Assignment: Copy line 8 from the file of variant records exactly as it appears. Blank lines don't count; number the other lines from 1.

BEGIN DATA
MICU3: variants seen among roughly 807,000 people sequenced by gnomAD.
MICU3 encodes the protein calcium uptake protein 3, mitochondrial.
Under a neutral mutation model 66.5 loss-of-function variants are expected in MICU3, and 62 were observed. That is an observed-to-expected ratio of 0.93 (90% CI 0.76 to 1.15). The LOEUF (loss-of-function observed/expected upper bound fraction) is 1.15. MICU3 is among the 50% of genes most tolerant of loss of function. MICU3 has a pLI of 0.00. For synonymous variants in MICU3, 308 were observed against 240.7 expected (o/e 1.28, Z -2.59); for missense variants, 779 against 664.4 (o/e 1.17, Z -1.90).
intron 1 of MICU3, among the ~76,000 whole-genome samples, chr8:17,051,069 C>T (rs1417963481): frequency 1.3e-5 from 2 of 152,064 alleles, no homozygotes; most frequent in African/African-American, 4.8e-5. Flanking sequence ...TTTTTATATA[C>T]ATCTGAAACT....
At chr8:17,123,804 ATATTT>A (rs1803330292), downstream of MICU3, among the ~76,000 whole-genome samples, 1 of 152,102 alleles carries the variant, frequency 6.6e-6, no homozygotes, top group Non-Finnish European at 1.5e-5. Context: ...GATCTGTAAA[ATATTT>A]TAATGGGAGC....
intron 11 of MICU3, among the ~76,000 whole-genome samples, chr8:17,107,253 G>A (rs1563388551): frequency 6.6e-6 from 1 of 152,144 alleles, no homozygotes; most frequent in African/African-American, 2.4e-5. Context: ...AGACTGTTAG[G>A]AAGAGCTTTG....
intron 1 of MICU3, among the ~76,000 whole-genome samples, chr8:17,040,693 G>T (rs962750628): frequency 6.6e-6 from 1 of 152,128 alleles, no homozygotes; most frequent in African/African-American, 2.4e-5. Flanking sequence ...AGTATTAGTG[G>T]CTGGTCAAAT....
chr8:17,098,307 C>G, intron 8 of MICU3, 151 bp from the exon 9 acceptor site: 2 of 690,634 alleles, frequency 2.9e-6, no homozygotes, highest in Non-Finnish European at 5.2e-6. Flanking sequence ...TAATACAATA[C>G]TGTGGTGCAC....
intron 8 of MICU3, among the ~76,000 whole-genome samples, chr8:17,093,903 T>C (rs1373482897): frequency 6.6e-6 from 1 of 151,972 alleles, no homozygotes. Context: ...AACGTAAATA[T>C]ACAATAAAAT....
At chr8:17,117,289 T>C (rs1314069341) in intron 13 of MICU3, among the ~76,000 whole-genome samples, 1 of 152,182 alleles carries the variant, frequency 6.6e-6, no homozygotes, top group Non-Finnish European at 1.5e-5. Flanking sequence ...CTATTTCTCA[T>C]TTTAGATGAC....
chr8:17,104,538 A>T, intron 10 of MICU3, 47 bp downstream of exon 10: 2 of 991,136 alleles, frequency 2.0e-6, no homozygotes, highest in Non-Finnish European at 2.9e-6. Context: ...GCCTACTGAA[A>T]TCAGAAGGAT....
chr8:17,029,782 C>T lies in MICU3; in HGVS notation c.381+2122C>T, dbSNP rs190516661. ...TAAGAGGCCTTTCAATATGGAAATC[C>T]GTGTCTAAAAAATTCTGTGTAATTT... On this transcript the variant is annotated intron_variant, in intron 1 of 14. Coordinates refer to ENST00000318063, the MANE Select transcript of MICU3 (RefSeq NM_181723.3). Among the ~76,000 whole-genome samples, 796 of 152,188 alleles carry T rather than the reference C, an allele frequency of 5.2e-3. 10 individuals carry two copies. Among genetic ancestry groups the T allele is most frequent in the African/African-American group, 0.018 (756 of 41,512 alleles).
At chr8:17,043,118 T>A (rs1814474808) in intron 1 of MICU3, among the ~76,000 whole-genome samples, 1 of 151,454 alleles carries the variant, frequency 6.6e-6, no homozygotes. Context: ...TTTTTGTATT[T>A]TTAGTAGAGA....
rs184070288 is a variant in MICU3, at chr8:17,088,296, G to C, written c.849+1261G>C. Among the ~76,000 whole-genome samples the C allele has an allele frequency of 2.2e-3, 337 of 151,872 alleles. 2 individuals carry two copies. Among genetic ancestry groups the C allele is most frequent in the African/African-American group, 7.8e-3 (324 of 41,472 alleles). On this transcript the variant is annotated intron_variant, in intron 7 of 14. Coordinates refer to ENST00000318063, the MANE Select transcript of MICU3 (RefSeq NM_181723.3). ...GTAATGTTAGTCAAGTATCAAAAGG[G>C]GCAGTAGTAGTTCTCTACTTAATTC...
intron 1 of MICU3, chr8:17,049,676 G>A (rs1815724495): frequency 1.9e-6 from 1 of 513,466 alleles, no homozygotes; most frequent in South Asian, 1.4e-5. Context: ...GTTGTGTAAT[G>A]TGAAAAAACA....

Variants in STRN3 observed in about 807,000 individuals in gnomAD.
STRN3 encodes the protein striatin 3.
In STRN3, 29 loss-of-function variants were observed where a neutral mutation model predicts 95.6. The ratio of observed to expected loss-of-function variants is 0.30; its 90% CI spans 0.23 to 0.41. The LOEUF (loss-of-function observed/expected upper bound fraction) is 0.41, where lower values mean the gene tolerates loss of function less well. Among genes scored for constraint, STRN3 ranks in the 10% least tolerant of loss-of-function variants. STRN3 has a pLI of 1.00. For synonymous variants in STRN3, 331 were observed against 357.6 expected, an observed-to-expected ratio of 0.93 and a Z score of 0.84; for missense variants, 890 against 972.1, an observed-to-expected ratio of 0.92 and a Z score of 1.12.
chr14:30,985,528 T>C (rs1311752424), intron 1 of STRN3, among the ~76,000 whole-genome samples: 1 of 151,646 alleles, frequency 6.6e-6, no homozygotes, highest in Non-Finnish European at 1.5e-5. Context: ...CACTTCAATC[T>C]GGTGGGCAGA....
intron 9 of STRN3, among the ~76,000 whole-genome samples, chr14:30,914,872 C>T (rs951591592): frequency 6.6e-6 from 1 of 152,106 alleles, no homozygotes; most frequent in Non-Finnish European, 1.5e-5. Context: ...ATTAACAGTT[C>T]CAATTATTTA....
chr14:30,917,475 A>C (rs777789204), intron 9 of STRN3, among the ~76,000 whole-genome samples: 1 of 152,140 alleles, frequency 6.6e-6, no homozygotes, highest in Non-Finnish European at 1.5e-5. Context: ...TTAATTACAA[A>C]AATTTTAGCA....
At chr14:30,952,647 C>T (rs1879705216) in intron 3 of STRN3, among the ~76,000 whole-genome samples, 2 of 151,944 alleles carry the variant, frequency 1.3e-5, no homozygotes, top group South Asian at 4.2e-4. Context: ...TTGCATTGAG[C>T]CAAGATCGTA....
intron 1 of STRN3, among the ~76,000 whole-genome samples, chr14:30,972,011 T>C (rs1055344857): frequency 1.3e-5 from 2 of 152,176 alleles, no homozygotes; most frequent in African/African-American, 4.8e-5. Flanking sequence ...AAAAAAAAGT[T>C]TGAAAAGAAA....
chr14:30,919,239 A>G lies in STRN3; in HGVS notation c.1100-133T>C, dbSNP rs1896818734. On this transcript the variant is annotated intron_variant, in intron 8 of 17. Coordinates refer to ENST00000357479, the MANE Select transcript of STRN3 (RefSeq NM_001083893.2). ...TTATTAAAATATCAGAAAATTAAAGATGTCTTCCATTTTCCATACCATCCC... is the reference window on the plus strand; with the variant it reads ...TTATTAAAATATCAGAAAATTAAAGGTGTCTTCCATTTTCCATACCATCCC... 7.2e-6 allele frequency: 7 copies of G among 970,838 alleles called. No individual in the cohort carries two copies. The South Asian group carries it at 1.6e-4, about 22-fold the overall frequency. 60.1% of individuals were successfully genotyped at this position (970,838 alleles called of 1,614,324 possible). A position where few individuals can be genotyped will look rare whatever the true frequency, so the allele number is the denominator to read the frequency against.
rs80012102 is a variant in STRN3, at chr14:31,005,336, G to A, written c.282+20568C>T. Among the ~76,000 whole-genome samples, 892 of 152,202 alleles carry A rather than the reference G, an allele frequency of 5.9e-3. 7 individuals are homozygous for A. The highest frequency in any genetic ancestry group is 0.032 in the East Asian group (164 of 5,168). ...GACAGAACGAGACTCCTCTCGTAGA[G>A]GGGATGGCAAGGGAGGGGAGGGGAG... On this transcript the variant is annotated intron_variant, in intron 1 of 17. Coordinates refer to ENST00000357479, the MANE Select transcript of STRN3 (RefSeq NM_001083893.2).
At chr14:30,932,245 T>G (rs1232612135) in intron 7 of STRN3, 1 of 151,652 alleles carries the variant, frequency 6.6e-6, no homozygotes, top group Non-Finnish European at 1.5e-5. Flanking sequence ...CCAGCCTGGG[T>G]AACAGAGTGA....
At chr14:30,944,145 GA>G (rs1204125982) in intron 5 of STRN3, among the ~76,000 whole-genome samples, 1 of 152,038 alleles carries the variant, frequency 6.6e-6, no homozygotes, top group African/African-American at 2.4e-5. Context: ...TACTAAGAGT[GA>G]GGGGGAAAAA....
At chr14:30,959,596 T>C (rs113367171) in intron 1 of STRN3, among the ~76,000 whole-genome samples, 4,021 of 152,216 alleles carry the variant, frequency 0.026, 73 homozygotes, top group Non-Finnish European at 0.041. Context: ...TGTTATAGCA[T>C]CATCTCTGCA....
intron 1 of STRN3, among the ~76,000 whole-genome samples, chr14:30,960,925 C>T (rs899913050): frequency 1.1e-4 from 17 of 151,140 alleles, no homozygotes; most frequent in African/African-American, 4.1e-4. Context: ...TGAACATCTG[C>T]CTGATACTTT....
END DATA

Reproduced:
chr8:17,098,307 C>G, intron 8 of MICU3, 151 bp from the exon 9 acceptor site: 2 of 690,634 alleles, frequency 2.9e-6, no homozygotes, highest in Non-Finnish European at 5.2e-6. Flanking sequence ...TAATACAATA[C>G]TGTGGTGCAC....